The Pentagon claims everyone loves military housing. A new survey of families says otherwise

Military Benefits

WASHINGTON (Reuters) - A new survey of military families living on U.S. bases found most are dissatisfied with their housing, often citing serious health and safety hazards – results that counter years of Pentagon reports claiming soaring satisfaction rates among military housing tenants.


The survey results, collected from nearly 15,000 families currently or recently living in privatized military housing, were released hours before Senate hearings called to probe living conditions on U.S. bases. Wednesday's hearings were prompted by Reuters reports that found widespread housing hazards and poor safety oversight on bases nationwide.

The survey, conducted by the nonpartisan Military Family Advisory Network, found that just 16 percent of respondents had a positive view of their base housing and 55 percent had a negative one. Many families reported unsafe conditions including lead-based paint, rampant mold, exposed asbestos, faulty electrical wiring, vermin infestations and gas leaks.

The results contradict the overwhelmingly positive metrics of resident satisfaction presented in years of Defense Department reports to Congress, which say that nearly 90 percent of tenants polled would recommend privatized military housing.

The Defense Department reports rely on data collected by the private real estate firms that operate base housing in partnership with military branches. The companies' compensation is partly determined by the results of resident satisfaction surveys.

"It has become apparent that there is a disconnect between our findings related to resident satisfaction and what has been reported by privatized housing companies," the nonprofit military group's report said. "Military families are living in dangerous situations."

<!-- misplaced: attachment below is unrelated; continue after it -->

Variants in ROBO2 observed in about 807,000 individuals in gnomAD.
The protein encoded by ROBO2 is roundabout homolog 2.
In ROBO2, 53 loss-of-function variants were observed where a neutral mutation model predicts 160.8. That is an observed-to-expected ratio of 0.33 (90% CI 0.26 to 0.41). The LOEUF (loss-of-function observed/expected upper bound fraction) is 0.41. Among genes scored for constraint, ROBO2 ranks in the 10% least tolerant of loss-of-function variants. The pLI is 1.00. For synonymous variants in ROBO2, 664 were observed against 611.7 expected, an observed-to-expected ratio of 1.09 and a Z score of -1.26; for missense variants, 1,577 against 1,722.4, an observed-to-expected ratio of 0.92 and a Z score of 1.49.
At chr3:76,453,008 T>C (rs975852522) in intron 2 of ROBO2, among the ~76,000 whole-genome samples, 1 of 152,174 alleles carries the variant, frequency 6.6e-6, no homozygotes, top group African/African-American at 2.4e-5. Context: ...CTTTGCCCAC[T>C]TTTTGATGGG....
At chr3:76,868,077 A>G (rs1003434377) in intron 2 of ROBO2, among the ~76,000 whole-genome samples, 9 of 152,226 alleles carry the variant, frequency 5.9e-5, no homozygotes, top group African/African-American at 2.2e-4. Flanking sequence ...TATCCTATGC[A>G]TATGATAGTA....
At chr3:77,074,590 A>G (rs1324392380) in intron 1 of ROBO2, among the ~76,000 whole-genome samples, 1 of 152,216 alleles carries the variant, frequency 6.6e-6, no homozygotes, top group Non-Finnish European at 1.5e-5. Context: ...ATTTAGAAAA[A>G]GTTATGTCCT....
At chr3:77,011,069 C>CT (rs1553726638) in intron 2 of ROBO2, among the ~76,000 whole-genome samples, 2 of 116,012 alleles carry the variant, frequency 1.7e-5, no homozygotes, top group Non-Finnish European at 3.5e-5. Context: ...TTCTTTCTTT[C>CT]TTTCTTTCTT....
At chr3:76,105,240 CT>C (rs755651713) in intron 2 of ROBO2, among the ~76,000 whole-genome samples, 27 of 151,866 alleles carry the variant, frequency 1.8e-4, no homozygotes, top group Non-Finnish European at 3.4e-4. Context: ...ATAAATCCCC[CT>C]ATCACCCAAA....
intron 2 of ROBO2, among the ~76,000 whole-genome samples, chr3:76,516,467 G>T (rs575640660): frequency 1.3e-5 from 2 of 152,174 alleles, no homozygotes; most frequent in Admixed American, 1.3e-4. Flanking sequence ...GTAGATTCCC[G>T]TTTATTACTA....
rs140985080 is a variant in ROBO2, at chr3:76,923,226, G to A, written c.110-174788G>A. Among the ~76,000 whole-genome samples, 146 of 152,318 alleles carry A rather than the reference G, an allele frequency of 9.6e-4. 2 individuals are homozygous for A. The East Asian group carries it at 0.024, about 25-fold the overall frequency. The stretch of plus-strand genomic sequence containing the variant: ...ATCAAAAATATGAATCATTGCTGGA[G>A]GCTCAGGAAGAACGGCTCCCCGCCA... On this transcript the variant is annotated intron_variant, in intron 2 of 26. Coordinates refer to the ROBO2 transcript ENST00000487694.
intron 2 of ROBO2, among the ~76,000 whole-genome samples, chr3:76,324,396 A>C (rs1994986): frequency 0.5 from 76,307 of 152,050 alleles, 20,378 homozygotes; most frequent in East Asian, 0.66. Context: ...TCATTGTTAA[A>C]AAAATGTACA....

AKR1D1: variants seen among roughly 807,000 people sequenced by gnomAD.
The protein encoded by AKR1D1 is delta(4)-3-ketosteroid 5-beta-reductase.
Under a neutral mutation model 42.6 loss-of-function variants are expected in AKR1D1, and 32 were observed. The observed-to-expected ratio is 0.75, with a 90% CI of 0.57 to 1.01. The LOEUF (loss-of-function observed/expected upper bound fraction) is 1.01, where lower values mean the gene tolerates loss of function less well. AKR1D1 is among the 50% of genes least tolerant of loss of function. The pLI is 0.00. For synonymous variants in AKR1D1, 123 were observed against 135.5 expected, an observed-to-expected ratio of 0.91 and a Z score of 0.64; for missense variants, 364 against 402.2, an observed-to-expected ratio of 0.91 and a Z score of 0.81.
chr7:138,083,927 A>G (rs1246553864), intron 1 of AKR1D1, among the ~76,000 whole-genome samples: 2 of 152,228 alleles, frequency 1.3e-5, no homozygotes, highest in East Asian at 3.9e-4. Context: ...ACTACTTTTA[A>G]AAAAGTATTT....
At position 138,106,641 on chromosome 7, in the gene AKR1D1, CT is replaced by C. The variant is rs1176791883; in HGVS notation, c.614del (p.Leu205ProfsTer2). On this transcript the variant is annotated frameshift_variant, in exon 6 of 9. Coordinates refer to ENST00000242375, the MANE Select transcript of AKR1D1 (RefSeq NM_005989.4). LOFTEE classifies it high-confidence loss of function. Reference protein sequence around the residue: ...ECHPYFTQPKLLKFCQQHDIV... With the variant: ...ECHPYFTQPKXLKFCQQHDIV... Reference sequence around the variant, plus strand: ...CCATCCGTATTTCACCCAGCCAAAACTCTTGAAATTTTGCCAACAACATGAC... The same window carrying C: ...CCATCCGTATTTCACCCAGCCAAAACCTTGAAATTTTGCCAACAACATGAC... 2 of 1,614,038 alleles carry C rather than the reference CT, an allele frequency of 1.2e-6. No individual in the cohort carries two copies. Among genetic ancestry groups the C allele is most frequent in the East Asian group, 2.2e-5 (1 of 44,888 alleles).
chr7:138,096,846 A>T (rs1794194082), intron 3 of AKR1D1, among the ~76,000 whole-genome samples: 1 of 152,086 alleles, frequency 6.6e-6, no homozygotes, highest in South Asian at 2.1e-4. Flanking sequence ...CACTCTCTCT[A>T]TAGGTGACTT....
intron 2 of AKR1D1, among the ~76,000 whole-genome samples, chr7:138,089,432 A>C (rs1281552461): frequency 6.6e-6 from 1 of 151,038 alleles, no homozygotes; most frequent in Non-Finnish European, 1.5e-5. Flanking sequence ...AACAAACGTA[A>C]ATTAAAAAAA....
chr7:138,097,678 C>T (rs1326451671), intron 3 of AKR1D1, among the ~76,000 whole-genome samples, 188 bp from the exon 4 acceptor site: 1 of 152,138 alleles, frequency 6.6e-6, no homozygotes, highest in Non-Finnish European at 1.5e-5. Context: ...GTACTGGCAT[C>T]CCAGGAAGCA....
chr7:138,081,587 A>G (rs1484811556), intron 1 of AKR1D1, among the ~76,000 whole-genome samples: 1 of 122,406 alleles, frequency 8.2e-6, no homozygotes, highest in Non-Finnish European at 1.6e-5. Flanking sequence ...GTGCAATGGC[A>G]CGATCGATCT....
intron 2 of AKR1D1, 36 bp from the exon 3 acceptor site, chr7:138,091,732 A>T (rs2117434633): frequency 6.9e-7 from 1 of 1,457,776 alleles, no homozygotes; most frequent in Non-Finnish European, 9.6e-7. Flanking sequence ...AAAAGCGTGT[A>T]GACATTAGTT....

The Department of Defense declined to comment on the survey findings. The military has often credited its privatization program with enhancing living conditions for service families through new construction and renovations. The Defense Department said it is committed to remediating problems.

Around one-third of U.S. military families – some 700,000 people in all – live in privatized housing across more than 100 federal military bases. Whether families choose to live on base or in civilian communities, their rent is covered by DOD housing stipends. The online survey found that many families see little choice but to live in base housing: Rental housing off base can be scarce and costly, and deployments can limit their options.

The survey results will be entered into testimony at the Senate Armed Services Committee hearings scheduled for Wednesday afternoon. Among those slated to testify: Defense Department officials and top executives of five major companies who operate base housing in a public-private portfolio of more than 200,000 family homes. Senators will also hear from military families who will share their own stories.

Army, Navy, Marine Corps and Air Force families living in 46 states with privatized military housing responded to the survey, the organization said. The respondents currently live on base or have in the past three years. Some described respiratory ailments and neurological disorders they blamed on poor water quality, sewage backups, water leaks, toxic soil and shoddy construction.

"Our results show a systemic problem that does not discriminate among location, rank, or branch of service," the report said.

Families said their concerns are sometimes ignored, or that their landlords or command threatened discipline if they continued to complain.

One California spouse whose husband served in the Marines for 20 years said she had to hire her own environmental firm to confirm mold in the house. The report didn't name her.

Others reported vermin, from black widow spiders to rodents, bats and snakes. "Rats would die in our attic, and they'd only remove them once maggots were falling from the ceiling," said a survey respondent living in Hawaii.